Another natural but potentially harmful attitude found in all societies is machismo or the excessive emphasis of masculinity, physical strength, power, etc. While the male ego and exploitive propensity are natural in this material world, they should not be allowed to go unchecked. Societies with rampant machismo are prone to social oppression, violence and war. They tend to vilify or demean women, gay men and anyone else viewed as “weak” or “inferior.” Hindu scriptures specifically protect the third sex from vilification and ridicule (Artha Shastra 3.18.4-5), indicating that machismo and other natural prejudices existed in Vedic times but were ideally kept in check. There are several examples in Vedic texts wherein men are ridiculed for being third gender, even when they are not. (Srimad Bhagavatam 10.50.43-48 and 10.76.29, 31)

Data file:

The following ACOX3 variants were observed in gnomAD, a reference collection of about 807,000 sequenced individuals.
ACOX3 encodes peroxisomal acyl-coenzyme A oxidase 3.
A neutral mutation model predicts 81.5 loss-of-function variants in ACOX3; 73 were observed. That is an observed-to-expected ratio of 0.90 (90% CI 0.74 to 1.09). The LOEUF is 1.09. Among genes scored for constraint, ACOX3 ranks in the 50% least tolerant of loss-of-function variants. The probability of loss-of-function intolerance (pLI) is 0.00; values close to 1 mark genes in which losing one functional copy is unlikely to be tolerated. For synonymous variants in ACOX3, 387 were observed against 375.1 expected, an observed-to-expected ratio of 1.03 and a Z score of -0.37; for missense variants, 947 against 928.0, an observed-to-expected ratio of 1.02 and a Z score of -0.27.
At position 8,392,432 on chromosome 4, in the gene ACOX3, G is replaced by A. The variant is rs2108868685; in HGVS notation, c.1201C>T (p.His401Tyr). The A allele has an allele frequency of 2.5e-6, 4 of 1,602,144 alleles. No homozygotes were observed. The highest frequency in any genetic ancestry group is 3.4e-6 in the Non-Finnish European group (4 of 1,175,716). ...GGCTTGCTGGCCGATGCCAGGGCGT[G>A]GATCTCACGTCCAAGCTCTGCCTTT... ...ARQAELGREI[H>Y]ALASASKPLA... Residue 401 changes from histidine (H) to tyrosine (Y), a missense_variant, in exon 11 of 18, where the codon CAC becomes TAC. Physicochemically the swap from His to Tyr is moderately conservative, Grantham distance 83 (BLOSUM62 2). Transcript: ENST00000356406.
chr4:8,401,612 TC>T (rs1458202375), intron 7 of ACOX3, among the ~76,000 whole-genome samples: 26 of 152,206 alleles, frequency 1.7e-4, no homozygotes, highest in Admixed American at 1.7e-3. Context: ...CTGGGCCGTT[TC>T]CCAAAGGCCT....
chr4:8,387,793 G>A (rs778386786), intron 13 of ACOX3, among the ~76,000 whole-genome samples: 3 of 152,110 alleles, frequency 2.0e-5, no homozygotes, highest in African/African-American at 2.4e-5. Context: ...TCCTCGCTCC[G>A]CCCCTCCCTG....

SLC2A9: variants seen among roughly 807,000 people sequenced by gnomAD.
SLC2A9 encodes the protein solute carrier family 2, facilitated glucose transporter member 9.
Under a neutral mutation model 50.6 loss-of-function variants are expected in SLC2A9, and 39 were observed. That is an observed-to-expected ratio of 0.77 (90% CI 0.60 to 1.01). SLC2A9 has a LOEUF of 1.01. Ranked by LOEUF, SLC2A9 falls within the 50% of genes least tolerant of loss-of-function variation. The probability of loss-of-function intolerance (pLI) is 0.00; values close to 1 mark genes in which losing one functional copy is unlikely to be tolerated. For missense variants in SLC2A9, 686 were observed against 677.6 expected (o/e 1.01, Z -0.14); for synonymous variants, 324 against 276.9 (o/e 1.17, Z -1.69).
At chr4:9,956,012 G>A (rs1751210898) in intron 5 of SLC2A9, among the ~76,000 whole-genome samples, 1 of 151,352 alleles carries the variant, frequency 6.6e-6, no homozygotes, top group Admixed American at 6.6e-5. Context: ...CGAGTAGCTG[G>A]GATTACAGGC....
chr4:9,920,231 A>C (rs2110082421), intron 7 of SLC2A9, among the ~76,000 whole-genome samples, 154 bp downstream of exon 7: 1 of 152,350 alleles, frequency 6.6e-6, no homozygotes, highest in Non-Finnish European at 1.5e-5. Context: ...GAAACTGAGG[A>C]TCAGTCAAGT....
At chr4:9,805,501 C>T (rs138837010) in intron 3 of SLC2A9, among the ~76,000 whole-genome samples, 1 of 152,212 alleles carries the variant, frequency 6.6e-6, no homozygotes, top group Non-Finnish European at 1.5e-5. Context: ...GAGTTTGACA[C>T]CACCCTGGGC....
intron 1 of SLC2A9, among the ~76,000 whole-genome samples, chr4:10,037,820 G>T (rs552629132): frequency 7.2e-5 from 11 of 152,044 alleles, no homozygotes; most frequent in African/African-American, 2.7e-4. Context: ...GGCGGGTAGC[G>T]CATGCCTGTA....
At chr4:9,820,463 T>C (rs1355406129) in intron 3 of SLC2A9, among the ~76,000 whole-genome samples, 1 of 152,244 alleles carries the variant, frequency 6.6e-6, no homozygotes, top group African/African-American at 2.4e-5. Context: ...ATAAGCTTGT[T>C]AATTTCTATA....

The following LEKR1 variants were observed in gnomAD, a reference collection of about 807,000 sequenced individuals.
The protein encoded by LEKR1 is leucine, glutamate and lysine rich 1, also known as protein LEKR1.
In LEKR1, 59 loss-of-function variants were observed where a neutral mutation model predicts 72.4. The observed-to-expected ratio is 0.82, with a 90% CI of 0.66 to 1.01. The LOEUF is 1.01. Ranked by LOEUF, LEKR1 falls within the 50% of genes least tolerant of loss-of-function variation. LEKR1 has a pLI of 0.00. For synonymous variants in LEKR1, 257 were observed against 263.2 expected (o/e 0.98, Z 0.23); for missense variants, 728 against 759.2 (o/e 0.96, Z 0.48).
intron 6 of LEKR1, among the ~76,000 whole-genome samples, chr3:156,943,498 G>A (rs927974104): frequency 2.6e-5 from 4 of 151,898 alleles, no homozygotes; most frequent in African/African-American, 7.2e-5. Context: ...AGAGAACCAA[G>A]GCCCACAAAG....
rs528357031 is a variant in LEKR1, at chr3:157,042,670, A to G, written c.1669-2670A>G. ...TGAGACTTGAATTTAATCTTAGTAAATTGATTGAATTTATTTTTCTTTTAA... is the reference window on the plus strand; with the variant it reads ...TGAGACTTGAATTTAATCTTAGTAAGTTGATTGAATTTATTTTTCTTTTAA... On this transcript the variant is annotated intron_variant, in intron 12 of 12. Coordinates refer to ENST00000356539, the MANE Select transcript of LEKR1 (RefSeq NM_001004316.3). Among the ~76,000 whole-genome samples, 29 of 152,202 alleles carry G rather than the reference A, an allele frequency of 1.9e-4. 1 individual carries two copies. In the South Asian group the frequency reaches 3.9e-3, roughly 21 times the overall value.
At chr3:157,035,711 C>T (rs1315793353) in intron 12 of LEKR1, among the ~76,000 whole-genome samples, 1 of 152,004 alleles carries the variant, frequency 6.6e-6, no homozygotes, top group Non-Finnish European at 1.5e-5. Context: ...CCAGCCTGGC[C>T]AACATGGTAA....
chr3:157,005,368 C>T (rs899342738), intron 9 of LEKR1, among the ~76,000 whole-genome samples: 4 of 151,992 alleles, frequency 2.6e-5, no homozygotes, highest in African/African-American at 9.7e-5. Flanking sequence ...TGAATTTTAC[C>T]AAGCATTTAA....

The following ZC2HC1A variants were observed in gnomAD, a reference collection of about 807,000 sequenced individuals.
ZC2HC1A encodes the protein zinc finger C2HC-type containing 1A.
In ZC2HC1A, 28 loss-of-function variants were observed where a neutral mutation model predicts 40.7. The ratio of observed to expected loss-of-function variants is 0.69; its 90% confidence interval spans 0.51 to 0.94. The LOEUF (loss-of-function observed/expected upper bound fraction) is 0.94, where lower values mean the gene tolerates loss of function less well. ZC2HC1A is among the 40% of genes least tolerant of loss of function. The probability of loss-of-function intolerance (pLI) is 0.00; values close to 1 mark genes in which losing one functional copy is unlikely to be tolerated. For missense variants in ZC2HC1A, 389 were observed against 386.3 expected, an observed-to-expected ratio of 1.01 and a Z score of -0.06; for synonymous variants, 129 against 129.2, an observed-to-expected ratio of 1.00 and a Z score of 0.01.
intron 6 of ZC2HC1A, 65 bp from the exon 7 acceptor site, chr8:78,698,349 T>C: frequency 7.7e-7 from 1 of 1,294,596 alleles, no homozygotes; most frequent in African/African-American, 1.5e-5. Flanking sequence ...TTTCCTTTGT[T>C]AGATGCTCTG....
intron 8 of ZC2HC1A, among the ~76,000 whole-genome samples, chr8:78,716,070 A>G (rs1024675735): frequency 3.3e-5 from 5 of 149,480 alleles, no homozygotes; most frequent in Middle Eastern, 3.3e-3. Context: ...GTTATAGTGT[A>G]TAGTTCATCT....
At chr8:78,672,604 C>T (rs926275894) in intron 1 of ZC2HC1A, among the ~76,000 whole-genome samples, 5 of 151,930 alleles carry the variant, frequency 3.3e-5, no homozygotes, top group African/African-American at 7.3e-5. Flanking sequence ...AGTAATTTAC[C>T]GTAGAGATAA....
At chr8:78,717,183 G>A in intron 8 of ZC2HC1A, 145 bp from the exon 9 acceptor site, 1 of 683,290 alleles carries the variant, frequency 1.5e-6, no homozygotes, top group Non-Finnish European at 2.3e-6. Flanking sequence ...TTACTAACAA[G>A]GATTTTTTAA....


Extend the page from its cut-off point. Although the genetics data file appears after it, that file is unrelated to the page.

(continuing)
When the rules of any religion are over-emphasized or misused to oppress others, such practices immediately become mundane and detrimental to society. In Hinduism, ritualistic priests (smarta-brahmanas), materialistic devotees, over-zealous neophytes and other similar types of religious people are susceptible to this kind of negative attitude. They place undue emphasis on the material body, birth or caste of others and look down upon a wide range of people including women, sudras (workers), dark-skinned races, the uninitiated, etc. Smarta-brahmanas impose innumerable strict rules that are impractical or even impossible for ordinary men to follow and consequently exclude many people from the Hindu faith. Regarding the third sex, Hindu fundamentalists typically dismiss such people as sinful, lusty or in the mode of passion. They fault them for not engaging in procreation and family life, which from their perspective is all-important and without exception. This negative attitude stands in direct contrast to the approach of enlightened spiritualists who view everyone equally as spirit-soul and engage whatever propensities they have in the service of God.